Mark Raymond Pickett - ‘Skin’ - epitomised the true clubman

Well respected member of the Waikanae Surf Life Saving Club put in 1500 patrol hours

Well respected member of the Waikanae Surf Life Saving Club put in 1500 patrol hours

Champions: The members of the Waikanae team who won the four-man rescue and resuscitation event at the 1969 national surf lifesaving champs were (from left) Mark Pickett, Garry Thompson, Bruce Adams and Barry (Joe) Green. Gisborne Herald file picture


Fifteen hundred patrol hours. Eight rescues. Numerous assists, first aids and preventative actions. And another top-three performance at the national surf lifesaving championships.

Waikanae Surf Life Saving Club’s achievements over the 2017-18 summer served to reinforce the high standards set by club members over the club’s 68 years — a proud history to which Mark Raymond Pickett made a strong contribution.

Mark passed away on April 22, just a few weeks short of his 77th birthday.

The large gathering of family, friends and former lifeguards who attended Mark’s funeral service was testament to his standing in the community and, in particular, the high place he occupied among those past club men.

During his first year at Gisborne Intermediate School, Mark, elder brother Tony and younger sister Leslie took up swimming, coached by Annette McLeod at the Olympic Swimming Club, which operated out of the old MacRae Baths in the area now occupied by the Marina.

Many of the Olympic men were also Waikanae members and, in 1953, 12-year-old Mark and good mate Barry “Joe” Green were drawn into what was to become a 66-year journey with the club when they joined a group of cadets.

From the outset, Mark’s thin build led to his being given the nickname Skin.

He became a fully qualified lifeguard when he turned 15 in 1956, the same year he was selected to compete at the North Island Secondary Schools’ Swimming Championships as a member of Gisborne Boys’ High School’s first swimming team.

The major competitive emphasis in surf lifesaving of the 1950s and ’60s centred around team events associated with the surf reel, line and belt.

It was in those events that Skin made an outstanding contribution to Waikanae’s sporting tradition.

Between 1959 and 1972, Mark Pickett amassed 19 New Zealand championship medals — eight gold, seven silver and four bronze

From the time he entered the senior ranks in 1959 until the end of his competitive days in 1972, Skin amassed 19 New Zealand championship medals — eight gold, seven silver and four bronze.

The most coveted trophy in those years was the Nelson Shield for the six-man rescue and resuscitation championship.

Waikanae won that blue riband event seven times and Skin was a member of those teams on five consecutive occasions — in itself a feat never matched by any other club.

The reputation that the four-man R&R team of Skin, Bruce “Tiny” Adams, Joe Green and Garry Thompson forged in that championship arena reached almost legendary proportions. Particularly noteworthy was an overwhelming win into a huge sea at Piha beach in 1970 when some rivals failed to have their swimmers reach the buoys.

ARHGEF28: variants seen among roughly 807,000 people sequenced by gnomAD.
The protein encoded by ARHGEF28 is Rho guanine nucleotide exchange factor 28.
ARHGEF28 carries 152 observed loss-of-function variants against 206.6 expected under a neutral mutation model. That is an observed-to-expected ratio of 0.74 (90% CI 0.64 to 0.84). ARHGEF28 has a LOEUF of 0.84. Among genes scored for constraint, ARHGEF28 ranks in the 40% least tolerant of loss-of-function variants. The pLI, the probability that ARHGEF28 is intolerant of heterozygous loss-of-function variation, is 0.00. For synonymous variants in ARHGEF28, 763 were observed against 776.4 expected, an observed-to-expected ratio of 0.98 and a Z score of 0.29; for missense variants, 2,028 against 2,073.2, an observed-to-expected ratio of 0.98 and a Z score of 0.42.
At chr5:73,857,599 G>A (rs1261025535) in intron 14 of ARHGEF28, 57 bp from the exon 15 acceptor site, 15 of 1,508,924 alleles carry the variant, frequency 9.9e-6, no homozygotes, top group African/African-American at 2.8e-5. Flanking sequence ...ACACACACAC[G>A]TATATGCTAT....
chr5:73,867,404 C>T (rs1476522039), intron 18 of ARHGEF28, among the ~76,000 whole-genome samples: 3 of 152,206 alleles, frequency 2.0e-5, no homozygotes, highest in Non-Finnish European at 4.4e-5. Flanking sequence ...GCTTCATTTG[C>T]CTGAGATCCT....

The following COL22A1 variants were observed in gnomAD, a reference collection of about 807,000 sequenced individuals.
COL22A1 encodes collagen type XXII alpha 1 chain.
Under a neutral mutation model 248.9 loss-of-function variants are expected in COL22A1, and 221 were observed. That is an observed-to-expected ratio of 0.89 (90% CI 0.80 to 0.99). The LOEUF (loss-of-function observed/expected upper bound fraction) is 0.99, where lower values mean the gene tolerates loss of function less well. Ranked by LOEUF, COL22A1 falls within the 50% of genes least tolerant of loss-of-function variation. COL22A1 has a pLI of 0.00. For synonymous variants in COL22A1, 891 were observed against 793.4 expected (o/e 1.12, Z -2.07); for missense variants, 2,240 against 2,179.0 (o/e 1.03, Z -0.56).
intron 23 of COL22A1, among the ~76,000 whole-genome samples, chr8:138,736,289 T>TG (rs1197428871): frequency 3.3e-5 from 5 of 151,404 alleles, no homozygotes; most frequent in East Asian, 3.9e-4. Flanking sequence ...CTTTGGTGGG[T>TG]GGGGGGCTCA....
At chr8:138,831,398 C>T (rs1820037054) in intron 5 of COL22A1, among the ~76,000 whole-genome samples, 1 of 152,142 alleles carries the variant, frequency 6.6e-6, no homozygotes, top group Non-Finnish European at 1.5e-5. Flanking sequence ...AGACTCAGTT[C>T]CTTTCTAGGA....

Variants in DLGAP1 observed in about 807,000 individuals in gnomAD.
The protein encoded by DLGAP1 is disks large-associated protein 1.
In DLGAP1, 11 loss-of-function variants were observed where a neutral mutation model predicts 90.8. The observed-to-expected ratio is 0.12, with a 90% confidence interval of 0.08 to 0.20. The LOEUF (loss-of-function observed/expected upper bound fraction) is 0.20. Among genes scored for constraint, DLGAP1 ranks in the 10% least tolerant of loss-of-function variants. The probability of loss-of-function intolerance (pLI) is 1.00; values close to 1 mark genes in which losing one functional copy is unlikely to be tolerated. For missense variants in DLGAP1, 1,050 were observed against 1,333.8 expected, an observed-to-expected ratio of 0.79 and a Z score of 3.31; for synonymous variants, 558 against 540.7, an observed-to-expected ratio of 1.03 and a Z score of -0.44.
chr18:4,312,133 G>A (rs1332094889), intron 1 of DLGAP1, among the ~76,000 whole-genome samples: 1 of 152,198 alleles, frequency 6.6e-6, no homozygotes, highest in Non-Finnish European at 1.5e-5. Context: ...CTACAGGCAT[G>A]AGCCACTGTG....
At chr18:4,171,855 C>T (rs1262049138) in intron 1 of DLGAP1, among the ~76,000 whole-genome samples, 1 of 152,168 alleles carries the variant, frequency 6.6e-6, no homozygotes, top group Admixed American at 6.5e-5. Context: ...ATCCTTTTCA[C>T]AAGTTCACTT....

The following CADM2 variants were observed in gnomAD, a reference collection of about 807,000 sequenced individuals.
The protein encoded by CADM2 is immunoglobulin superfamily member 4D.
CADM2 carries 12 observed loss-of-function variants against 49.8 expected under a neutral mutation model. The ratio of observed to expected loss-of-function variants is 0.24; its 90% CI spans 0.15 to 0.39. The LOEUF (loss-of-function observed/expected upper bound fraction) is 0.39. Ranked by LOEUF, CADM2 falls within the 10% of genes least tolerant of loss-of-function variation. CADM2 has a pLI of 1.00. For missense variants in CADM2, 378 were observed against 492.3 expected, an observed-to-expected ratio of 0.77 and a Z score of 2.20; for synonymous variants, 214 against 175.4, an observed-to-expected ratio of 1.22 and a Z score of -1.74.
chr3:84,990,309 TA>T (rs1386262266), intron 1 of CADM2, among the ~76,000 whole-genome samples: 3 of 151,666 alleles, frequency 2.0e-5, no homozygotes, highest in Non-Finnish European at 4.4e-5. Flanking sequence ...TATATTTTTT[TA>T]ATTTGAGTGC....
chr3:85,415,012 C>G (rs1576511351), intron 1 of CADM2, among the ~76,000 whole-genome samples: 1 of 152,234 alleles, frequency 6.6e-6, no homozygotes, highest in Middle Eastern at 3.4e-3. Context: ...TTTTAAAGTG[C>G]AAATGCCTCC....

Over those years, Mark also served on the club committee. His genial approach and popularity with other members were reflected in his being elected as club captain from 1969 to 1973.

Mark Pickett possibly never fully comprehended the respect that fellow members felt for him

He possibly never fully comprehended the respect that fellow members felt for him.

It was in the latter years that he became one of the first to volunteer as an instructor for the newly formed Sunday morning nippers programme.

The progamme, still running today, has taught so many youngsters skills and sea knowledge that stay with them for life, even if they do not remain with the club and qualify as future lifeguards.

Skin served an electrical apprenticeship and, after qualifying, he and Ron Lightfoot eventually went into partnership as Lightfoot and Pickett Electrical Contractors until retirement in 2009.

His experience in wiring innumerable new homes also had him in demand on many occasions at the club, especially with the many building repairs and extensions required by the old clubhouse before the advent of the new building.

In 1990, following many summers spent camping at Anaura Bay, Skin, wife Pam, Mike and the late Liz Swanson, and Fiona and the late Bernie Norman formed a syndicate which bought and developed a beachside property there.

It was a special place that became Mark’s pride and joy, providing 28 years of family fun and laughter.

Consequently it was understandable that, although he remained a staunch Waikanae supporter, the demands of his business and the attraction of Anaura meant for some years he drifted from the actual club scene.

However, over recent times Mark’s role in organising a reunion of the oldest members and his membership of a group labelled Dad’s Army, who worked out in the gym at the new Waikanae clubhouse, brought him back to regular involvement.